“All I can say is this was fantastic,” said Fujinami, one-time Nissan Driver Development Programme (NDDP) top prospect. “I was fortunate to be signed as the third driver this season, and Couto-san and Takahashi-san have been teaching me a lot, so I am really lucky to be to drive with such a great team. Part way through the race we got in a position where we had the chance to win, and from there I just wanted to make the most of that chance.”

This is Team JLOC’s first Super GT victory since the rainy Sugo GT 300km Race in July 2014 – and one that will be cherished in their 25th anniversary season!

On the other hand, Saitama Toyopet GreenBrave made a massive gamble on tyre-strategy, triple-stinting a single set of Bridgestone Potenza tyres all the way to the finish for 95 laps! The Mother Chassis Mark X was agile, and gentle enough on the tyres to make this brave call work.

Wakisaka and Yoshida drove on to finish 2nd in class, their second podium of the season, following their third-place finish in the rain-shortened season opener in Okayama. The best-ever result for Saitama Toyopet GreenBrave in Super GT, for the team supported by service mechanics from automotive dealerships.

Two Honda NSX GT3s slugged it out for the final podium place, and just a year after their car was written off in Saturday practice for the 2018 Fuji 500 Miles, the #34 Modulo Kenwood NSX GT3 of Ryo Michigami and Hiroki Otsu finished 3rd, taking their first podium of the season after Otsu passed the #18 UPGarage NSX GT3 of Takashi Kobayashi (with Kosuke Matsuura) for fourth on Lap 146.

Team JLOC brought both cars home in the top 5 as the #88 ManePa Huracán GT3 (Takashi Kogure/Yuya Motojima) came home 5th. A string of four consecutive summer race wins at Fuji came to an end for Autobacs Racing Team Aguri (ARTA), but the #55 ARTA NSX GT3 (Shinichi Takagi/Nirei Fukuzumi) extended their points lead with a 6th-place finish, ahead of the #56 Realize Nissan Gakuen GT-R GT3 (Kazuki Hiramine/Sacha Fenestraz) in 7th despite a late spin.

The #4 Goodsmile Hatsune Miku Mercedes-AMG GT3 (Nobuteru Taniguchi/Tatsuya Kataoka) put the misfortunes of Spa behind them in 8th, Fuji 500km winners Katsuyuki Hiranaka and Hironobu Yasuda finished 9th in the #11 Gainer TanaX GT-R, and rounding out the points-scorers was the #61 Subaru BRZ R&D Sport (Takuto Iguchi/Hideki Yamauchi) in 10th.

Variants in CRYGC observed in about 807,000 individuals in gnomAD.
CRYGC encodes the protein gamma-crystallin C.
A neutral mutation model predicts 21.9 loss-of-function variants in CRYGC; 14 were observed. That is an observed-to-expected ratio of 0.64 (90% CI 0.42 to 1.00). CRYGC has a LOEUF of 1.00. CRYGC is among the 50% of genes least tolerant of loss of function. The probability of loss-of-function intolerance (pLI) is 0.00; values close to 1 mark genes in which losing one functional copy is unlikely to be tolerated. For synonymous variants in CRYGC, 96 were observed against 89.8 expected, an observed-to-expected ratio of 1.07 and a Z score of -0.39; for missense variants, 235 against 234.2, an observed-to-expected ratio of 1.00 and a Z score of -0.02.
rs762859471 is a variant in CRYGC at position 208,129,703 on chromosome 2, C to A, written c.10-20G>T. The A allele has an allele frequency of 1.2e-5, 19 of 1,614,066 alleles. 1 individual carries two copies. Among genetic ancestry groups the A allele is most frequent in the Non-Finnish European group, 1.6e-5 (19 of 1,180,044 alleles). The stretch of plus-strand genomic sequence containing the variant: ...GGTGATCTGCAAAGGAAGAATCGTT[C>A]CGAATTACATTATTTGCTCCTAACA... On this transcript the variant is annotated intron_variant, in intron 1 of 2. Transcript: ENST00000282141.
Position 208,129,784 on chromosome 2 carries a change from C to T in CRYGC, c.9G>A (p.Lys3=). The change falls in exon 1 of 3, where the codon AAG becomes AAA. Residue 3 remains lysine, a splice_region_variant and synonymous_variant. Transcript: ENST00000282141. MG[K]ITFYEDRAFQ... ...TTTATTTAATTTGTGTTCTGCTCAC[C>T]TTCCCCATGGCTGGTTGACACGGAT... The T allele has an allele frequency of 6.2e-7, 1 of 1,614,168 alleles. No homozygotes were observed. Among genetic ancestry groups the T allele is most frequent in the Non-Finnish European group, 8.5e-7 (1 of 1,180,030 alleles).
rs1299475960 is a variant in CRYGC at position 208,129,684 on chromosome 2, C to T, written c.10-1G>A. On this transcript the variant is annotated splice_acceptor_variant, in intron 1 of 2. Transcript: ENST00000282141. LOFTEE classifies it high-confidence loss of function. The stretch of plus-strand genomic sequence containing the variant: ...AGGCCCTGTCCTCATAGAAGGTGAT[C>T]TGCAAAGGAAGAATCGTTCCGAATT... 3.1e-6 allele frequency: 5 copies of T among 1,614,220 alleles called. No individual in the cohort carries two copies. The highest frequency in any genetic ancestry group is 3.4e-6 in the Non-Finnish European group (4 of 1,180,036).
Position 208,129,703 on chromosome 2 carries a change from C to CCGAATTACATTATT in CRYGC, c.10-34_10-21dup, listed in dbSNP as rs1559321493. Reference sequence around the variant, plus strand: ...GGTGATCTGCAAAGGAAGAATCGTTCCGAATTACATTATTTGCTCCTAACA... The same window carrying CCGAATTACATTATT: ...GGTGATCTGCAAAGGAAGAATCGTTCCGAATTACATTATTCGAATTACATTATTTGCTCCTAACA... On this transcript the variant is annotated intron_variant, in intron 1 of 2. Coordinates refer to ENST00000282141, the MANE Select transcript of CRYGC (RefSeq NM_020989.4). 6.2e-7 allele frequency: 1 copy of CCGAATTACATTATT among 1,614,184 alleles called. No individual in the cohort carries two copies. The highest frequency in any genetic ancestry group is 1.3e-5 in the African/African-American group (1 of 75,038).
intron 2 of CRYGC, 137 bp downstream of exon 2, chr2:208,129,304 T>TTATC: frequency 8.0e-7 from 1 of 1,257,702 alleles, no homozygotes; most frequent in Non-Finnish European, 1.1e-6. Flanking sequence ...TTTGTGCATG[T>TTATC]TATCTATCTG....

Three-time Le Mans GT champion Darren Turner missed out on a points finish in his Super GT debut, with the #7 D’station Vantage (with Tomonobu Fujii/João Paulo de Oliveira) coming home 11th in a scrappy race.

Among the contenders that failed to take the chequered flag – the #65 LEON Pyramid AMG (Haruki Kurosawa/Naoya Gamou) suffered an oil cooler failure on Lap 74, and the #25 Hoppy Toyota 86 MC (Takamitsu Matsui/Kimiya Sato) suffered suspension damage after contact with a lapped car on Lap 140. The #360 RunUp Rivaux GT-R (Takayuki Aoki/Yusaku Shibata) was robbed of a potential podium when it went to the garage on Lap 126, prolonging Tomei Sports’ run without a Top 10 finish since returning to Super GT in 2007.

In total, 60,600 spectators came to watch both days of action at the Fuji 500 Mile Race on a warm, beautiful August day, one that delivered surprising, feel-good results across both categories – and has solidified the championship battles with 3 rounds remaining.

With the drama of today’s race, it feels somewhat melancholy that the sound of engines will be silent at Fuji Speedway next August, replaced by the buzz of bicycles around the circuit for the 2020 Tokyo Summer Olympic and Paralympic Games. The Fuji 500 Mile Race will return for 2021.

The Autobacs Super GT Series returns on September 8 for the Autopolis GT 300km Race in the southern island of Kyushu at the Autopolis International Racing Course.


Images courtesy of Toyota Motor Corporation, Nissan, and the GT Association